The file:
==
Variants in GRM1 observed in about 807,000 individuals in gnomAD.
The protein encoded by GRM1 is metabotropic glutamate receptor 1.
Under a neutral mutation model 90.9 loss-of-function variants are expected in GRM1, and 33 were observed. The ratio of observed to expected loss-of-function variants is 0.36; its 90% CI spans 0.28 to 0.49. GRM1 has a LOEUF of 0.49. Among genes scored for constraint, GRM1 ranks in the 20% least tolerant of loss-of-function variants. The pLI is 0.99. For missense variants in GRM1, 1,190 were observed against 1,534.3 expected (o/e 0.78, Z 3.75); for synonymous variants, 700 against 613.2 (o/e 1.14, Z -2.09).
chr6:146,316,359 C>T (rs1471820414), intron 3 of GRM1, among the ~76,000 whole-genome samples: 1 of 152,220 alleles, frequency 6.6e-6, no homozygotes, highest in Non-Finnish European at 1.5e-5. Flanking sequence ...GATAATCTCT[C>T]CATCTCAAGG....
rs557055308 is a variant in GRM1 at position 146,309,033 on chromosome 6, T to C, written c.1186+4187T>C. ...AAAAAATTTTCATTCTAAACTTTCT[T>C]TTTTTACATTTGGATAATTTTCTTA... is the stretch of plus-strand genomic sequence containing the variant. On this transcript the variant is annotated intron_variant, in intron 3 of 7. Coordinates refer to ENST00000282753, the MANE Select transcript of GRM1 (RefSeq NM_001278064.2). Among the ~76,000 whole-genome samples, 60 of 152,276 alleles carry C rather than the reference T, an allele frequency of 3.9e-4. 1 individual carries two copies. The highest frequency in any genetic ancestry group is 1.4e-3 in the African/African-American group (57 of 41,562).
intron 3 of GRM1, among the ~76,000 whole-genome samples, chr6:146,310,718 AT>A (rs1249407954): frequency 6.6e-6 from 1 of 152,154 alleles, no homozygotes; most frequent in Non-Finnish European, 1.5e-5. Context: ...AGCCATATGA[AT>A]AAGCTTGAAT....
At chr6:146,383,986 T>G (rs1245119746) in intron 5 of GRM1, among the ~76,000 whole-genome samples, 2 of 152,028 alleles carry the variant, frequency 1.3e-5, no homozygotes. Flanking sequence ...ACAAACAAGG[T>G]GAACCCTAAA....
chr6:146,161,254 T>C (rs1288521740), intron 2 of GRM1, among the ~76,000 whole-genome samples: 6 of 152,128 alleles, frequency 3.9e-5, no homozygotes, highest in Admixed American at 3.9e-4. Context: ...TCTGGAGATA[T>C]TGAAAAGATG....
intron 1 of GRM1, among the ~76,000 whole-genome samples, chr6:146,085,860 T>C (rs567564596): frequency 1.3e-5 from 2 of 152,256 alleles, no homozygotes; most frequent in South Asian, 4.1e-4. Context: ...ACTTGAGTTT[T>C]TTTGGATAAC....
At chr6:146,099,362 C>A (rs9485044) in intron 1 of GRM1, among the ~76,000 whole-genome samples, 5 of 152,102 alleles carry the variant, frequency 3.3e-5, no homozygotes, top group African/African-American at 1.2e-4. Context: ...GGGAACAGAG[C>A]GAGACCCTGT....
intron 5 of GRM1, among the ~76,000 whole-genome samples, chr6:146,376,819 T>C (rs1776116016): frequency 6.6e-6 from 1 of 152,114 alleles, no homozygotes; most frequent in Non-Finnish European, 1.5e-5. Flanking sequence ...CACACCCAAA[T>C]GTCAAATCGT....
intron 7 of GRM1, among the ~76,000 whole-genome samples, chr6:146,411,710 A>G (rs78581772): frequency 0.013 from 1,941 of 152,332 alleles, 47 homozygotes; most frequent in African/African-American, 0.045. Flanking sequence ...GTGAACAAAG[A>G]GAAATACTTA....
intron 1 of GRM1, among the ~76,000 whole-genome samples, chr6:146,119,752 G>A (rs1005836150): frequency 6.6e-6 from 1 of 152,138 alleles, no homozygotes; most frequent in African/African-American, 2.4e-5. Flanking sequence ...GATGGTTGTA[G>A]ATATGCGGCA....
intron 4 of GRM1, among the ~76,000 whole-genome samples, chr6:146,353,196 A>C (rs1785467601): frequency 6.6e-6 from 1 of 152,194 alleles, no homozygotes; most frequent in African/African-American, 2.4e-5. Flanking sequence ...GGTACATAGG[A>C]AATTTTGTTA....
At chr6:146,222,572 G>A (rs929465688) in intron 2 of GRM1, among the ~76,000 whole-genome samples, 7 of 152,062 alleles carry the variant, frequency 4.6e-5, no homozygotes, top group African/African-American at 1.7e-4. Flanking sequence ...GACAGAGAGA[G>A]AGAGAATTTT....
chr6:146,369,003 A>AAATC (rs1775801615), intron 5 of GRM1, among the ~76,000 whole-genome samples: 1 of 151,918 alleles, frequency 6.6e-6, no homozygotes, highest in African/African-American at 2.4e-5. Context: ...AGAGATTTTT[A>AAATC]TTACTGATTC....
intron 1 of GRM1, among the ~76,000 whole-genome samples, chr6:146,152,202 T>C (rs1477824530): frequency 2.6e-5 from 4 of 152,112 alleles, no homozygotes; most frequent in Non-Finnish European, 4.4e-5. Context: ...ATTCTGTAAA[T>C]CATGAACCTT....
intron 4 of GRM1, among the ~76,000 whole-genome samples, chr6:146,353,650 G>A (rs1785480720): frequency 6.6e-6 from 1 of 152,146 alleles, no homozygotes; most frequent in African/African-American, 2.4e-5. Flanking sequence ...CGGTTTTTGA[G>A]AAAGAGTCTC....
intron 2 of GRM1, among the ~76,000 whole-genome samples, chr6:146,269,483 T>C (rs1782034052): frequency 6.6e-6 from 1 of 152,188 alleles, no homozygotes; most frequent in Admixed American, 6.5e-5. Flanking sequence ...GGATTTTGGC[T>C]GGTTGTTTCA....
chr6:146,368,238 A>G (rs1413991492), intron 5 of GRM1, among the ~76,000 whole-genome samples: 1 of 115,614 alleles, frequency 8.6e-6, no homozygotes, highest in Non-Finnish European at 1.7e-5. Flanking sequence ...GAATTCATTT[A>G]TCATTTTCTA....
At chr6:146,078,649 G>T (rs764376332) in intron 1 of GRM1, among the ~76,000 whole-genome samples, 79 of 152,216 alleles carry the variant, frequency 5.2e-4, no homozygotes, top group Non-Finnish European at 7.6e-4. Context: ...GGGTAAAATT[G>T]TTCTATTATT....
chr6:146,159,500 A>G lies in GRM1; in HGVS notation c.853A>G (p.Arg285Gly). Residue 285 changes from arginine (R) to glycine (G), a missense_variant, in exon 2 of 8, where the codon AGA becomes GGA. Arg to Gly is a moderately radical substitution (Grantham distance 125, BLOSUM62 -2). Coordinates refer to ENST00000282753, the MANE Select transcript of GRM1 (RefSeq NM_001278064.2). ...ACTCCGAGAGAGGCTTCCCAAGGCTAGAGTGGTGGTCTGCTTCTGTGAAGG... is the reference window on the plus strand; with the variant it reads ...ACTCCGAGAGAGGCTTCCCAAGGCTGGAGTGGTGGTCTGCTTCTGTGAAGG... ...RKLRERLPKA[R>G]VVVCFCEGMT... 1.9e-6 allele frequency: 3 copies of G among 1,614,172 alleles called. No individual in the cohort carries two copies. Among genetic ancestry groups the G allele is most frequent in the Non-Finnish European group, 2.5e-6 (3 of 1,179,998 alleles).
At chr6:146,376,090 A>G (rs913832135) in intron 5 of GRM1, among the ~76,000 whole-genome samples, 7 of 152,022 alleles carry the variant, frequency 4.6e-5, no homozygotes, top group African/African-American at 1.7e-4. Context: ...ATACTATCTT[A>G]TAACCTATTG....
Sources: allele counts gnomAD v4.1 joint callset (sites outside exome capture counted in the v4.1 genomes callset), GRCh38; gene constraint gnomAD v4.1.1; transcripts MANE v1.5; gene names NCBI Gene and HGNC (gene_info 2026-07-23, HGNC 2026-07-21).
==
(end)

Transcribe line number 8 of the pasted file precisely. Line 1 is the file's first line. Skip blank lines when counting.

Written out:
chr6:146,161,254 T>C (rs1288521740), intron 2 of GRM1, among the ~76,000 whole-genome samples: 6 of 152,128 alleles, frequency 3.9e-5, no homozygotes, highest in Admixed American at 3.9e-4. Context: ...TCTGGAGATA[T>C]TGAAAAGATG....